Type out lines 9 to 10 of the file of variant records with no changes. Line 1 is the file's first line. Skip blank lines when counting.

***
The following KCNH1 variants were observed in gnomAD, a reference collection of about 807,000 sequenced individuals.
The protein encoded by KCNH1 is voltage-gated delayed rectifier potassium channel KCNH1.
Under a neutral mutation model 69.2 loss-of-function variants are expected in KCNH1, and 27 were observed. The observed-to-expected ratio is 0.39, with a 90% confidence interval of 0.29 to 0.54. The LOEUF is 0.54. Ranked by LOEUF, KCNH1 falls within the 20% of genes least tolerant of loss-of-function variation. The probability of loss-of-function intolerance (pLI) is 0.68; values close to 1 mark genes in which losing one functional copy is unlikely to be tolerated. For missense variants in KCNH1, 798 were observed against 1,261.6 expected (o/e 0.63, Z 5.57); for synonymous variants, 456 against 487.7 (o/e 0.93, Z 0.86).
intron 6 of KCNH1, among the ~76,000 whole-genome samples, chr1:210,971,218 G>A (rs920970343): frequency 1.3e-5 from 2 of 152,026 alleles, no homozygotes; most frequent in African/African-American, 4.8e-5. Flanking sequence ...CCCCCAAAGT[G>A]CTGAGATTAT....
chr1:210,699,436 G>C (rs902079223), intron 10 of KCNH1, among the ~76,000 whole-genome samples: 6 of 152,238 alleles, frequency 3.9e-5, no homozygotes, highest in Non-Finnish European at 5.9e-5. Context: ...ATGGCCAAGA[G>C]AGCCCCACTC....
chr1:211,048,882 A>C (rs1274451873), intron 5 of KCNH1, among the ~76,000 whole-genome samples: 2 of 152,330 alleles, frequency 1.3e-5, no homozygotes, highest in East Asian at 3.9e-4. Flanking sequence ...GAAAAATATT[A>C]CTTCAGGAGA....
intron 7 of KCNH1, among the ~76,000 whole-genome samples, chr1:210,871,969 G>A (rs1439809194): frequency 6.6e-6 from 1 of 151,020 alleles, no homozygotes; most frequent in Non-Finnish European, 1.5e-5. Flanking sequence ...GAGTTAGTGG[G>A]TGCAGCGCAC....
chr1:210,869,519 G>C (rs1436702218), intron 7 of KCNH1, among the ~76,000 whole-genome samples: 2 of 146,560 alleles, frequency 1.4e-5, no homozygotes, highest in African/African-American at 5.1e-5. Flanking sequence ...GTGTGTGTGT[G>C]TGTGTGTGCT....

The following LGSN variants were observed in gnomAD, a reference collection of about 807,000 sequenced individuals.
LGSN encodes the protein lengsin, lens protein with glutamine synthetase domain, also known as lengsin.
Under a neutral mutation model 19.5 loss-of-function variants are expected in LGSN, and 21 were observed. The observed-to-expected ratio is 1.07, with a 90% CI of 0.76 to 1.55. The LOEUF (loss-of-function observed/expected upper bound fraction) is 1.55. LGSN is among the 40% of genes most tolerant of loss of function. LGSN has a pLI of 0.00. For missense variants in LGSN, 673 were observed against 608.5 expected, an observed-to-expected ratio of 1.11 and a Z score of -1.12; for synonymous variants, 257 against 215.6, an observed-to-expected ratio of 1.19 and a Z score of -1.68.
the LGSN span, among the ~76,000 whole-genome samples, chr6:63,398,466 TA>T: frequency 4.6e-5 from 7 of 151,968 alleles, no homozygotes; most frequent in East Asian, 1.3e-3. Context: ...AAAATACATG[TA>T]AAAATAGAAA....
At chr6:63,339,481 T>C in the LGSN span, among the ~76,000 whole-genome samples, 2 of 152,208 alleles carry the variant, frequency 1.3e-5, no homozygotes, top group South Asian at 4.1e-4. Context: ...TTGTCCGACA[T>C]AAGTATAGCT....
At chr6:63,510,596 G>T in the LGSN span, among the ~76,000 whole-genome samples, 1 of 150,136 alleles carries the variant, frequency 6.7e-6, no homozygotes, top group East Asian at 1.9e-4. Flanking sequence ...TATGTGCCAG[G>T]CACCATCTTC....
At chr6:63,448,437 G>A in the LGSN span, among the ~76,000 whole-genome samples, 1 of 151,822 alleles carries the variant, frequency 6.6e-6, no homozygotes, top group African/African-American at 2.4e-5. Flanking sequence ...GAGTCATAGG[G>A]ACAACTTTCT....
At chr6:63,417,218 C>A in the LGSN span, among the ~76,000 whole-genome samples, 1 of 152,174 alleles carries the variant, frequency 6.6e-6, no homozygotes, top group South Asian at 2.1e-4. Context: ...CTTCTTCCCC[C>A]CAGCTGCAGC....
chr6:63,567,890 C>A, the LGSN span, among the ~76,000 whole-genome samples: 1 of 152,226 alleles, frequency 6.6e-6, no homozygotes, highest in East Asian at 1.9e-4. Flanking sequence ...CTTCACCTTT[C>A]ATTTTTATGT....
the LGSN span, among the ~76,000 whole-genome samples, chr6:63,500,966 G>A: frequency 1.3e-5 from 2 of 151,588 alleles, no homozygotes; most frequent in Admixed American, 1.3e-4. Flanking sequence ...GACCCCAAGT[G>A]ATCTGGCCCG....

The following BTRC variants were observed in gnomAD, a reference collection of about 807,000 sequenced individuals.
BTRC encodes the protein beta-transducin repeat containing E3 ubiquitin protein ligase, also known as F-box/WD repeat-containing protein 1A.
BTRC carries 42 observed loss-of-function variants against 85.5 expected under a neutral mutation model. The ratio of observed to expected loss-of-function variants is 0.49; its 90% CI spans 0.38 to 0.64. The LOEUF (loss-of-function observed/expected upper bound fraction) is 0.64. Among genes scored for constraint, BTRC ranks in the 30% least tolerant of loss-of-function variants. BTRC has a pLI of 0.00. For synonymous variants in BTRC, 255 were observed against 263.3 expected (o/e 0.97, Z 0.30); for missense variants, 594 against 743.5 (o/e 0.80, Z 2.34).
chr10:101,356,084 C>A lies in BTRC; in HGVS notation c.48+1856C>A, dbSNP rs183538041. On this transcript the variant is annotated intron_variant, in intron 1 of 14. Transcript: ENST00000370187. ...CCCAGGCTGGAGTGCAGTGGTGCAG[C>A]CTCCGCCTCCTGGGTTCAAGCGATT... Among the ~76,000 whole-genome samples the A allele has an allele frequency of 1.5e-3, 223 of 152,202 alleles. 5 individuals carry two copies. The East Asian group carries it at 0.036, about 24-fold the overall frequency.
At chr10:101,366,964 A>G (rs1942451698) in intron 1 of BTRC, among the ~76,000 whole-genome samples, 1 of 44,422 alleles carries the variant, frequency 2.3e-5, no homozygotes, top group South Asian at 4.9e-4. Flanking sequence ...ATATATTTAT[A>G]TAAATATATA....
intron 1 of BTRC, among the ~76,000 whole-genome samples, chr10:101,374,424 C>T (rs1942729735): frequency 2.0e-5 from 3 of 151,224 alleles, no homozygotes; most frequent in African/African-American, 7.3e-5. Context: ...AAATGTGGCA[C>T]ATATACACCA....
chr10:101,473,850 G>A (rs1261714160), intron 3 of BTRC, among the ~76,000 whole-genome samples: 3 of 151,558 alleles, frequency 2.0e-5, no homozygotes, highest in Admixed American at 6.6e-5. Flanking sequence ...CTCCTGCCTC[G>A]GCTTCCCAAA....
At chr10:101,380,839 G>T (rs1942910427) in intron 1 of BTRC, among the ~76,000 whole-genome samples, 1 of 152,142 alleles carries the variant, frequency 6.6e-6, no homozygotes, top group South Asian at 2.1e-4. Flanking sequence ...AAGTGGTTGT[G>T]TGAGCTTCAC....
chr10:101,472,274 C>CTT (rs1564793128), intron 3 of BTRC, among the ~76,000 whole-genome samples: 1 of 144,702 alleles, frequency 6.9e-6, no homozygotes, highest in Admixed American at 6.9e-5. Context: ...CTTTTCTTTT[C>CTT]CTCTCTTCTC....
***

The following LGSN variants were observed in gnomAD, a reference collection of about 807,000 sequenced individuals.
LGSN encodes the protein lengsin, lens protein with glutamine synthetase domain, also known as lengsin.